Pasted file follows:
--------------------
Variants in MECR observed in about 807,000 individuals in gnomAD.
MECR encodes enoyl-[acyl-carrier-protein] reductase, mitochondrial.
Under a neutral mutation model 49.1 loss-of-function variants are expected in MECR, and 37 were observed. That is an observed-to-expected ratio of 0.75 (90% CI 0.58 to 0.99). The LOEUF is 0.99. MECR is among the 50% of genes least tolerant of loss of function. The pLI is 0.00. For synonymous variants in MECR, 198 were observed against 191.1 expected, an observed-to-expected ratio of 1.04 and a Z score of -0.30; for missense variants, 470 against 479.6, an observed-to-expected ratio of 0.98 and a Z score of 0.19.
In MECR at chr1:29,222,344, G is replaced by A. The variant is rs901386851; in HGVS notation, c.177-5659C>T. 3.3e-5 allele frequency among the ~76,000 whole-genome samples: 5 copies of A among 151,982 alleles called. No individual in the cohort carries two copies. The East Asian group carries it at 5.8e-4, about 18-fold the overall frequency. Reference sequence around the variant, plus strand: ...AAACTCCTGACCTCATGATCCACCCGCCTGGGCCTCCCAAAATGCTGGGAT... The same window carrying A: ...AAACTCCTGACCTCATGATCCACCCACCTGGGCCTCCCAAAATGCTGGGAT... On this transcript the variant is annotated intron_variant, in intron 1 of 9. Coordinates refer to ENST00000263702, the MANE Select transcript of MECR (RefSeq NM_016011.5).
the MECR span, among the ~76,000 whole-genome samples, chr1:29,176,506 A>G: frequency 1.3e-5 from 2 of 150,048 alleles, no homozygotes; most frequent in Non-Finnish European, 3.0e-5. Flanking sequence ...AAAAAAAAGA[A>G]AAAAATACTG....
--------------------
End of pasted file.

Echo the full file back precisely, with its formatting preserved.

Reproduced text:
Variants in MECR observed in about 807,000 individuals in gnomAD.
MECR encodes enoyl-[acyl-carrier-protein] reductase, mitochondrial.
Under a neutral mutation model 49.1 loss-of-function variants are expected in MECR, and 37 were observed. That is an observed-to-expected ratio of 0.75 (90% CI 0.58 to 0.99). The LOEUF is 0.99. MECR is among the 50% of genes least tolerant of loss of function. The pLI is 0.00. For synonymous variants in MECR, 198 were observed against 191.1 expected, an observed-to-expected ratio of 1.04 and a Z score of -0.30; for missense variants, 470 against 479.6, an observed-to-expected ratio of 0.98 and a Z score of 0.19.
In MECR at chr1:29,222,344, G is replaced by A. The variant is rs901386851; in HGVS notation, c.177-5659C>T. 3.3e-5 allele frequency among the ~76,000 whole-genome samples: 5 copies of A among 151,982 alleles called. No individual in the cohort carries two copies. The East Asian group carries it at 5.8e-4, about 18-fold the overall frequency. Reference sequence around the variant, plus strand: ...AAACTCCTGACCTCATGATCCACCCGCCTGGGCCTCCCAAAATGCTGGGAT... The same window carrying A: ...AAACTCCTGACCTCATGATCCACCCACCTGGGCCTCCCAAAATGCTGGGAT... On this transcript the variant is annotated intron_variant, in intron 1 of 9. Coordinates refer to ENST00000263702, the MANE Select transcript of MECR (RefSeq NM_016011.5).
the MECR span, among the ~76,000 whole-genome samples, chr1:29,176,506 A>G: frequency 1.3e-5 from 2 of 150,048 alleles, no homozygotes; most frequent in Non-Finnish European, 3.0e-5. Flanking sequence ...AAAAAAAAGA[A>G]AAAAATACTG....